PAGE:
Mining and metals sector fundamentals continue to be compelling. A rundown in inventories and infrastructure-intensive stimulus packages around the world are likely to contribute to a new rally in the sector.
Ernst & Young’s annual review of mergers, acquisitions and capital raising in the sector, 2008: The year when cash was king, highlights the impact of the global financial crisis on the sector.
“In 2008, the sector went from the heights of optimism to the depths of despair with the sudden and severe collapse in mining and metals prices in the third quarter,” says Ernst & Young Global Mining & Metals Sector Leader Mike Elliott.
“Although the mining sector was the last to be impacted, financing and deals all but dried up in the fourth quarter,” he says.
“Consolidation will continue to be slower in the short to medium term due to financing challenges, but mining and metals companies with strong balance sheets need to be aware of the potential opportunities,” the report suggests.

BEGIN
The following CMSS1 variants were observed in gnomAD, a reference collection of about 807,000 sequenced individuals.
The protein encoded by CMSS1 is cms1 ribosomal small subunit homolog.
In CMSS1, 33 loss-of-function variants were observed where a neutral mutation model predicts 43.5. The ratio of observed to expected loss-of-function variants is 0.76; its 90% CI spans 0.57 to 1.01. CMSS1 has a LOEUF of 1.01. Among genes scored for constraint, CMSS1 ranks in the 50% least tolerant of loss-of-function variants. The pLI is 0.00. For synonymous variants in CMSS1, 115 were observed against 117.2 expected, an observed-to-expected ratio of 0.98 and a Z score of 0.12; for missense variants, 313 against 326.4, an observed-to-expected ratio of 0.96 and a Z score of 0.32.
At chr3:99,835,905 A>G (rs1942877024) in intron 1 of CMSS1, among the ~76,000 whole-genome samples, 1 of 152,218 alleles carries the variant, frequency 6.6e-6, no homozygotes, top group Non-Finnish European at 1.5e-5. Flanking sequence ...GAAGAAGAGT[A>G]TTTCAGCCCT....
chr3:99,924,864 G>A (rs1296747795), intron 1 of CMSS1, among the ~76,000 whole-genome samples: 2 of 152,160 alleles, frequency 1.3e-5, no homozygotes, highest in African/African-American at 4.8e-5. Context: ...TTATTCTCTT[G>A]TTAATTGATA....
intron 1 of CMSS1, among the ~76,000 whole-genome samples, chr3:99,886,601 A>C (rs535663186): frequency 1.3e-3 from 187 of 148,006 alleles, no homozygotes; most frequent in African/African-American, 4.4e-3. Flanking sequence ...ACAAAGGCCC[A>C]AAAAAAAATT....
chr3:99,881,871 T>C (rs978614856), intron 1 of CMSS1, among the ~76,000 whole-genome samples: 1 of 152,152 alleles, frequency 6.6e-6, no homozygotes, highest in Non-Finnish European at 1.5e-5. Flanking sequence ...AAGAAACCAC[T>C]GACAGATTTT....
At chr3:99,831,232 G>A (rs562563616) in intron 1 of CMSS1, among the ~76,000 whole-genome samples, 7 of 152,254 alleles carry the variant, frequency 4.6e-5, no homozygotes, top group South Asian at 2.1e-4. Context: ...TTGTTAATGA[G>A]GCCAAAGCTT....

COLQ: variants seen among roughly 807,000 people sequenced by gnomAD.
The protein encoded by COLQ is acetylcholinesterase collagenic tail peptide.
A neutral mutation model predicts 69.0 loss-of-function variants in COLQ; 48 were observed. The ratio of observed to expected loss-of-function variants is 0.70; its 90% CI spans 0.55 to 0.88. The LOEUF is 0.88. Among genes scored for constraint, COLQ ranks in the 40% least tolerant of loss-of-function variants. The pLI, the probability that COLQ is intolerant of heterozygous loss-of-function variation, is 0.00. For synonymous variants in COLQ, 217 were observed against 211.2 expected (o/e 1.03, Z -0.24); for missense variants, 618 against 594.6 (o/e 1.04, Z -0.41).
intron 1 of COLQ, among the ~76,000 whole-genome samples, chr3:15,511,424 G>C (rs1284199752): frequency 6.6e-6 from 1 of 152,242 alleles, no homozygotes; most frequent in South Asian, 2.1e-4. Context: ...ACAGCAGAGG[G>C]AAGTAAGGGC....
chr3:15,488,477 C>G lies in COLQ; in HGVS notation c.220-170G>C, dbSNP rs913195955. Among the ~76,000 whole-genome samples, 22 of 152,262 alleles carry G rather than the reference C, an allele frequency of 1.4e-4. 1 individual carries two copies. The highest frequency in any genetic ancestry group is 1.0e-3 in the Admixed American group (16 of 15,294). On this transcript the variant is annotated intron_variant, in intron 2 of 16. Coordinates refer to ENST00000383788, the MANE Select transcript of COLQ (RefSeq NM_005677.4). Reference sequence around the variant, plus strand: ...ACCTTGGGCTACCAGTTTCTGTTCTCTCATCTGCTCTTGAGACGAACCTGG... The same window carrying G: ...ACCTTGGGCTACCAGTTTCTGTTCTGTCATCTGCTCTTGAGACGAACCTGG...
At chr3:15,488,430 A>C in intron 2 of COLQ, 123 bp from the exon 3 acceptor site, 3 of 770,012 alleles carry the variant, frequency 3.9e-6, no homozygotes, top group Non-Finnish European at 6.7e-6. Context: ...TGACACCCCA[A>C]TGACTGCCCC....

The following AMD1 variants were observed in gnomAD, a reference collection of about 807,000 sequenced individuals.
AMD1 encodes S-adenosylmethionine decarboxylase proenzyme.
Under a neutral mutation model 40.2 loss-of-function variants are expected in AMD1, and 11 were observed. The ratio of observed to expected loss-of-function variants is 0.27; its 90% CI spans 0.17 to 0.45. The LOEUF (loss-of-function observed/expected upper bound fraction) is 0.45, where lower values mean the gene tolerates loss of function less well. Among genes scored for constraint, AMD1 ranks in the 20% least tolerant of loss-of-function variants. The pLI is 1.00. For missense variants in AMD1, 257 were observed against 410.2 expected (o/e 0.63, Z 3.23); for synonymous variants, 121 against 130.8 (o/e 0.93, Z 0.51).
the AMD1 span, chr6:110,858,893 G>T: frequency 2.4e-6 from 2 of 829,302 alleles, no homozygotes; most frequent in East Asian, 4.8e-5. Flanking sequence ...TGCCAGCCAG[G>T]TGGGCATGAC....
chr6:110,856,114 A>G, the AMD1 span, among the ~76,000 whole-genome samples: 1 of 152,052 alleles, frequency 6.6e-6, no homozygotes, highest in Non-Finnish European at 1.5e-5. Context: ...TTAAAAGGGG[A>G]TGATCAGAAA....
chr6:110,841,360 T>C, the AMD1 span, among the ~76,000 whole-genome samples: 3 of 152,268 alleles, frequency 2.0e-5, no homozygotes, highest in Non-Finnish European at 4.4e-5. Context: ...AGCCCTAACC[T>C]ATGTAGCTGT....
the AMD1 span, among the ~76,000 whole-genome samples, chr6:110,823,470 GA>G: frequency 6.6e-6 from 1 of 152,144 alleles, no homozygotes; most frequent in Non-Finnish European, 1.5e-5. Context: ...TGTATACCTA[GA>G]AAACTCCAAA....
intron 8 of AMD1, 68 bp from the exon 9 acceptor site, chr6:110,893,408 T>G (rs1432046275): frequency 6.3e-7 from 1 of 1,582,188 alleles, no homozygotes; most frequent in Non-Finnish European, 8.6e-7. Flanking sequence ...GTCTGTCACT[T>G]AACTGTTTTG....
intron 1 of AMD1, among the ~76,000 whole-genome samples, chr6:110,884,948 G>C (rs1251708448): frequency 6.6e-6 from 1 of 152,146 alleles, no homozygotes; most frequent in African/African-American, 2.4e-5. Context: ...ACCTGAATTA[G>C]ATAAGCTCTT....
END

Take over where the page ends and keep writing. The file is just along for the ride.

In 2009, E&Y expects niche deals to increase and a number of smaller US$2 to US$10 billion megadeals involving the mid-tiers. There will also probably be a focus on streamlining operations through the divestment of non-core assets.
Elliott says China-based companies and state-owned enterprises are also actively shopping for once-in-a-lifetime acquisition opportunities in the current market, particularly in low risk markets, such as Australia and Canada.
A sharp reduction in inventories and a bias in global stimulus packages toward metals-intensive infrastructure spending around the world may combine to create a new supply/demand imbalance, pushing up metal prices and deal values.
“Two to three trillion US dollars in economic stimulus packages have been announced around the world over the last few months, and it’s estimated that 30-40% of this will be going into infrastructure. More than 70% of the package planned by China alone is set to be in metals-intensive infrastructure spending,” the report states.
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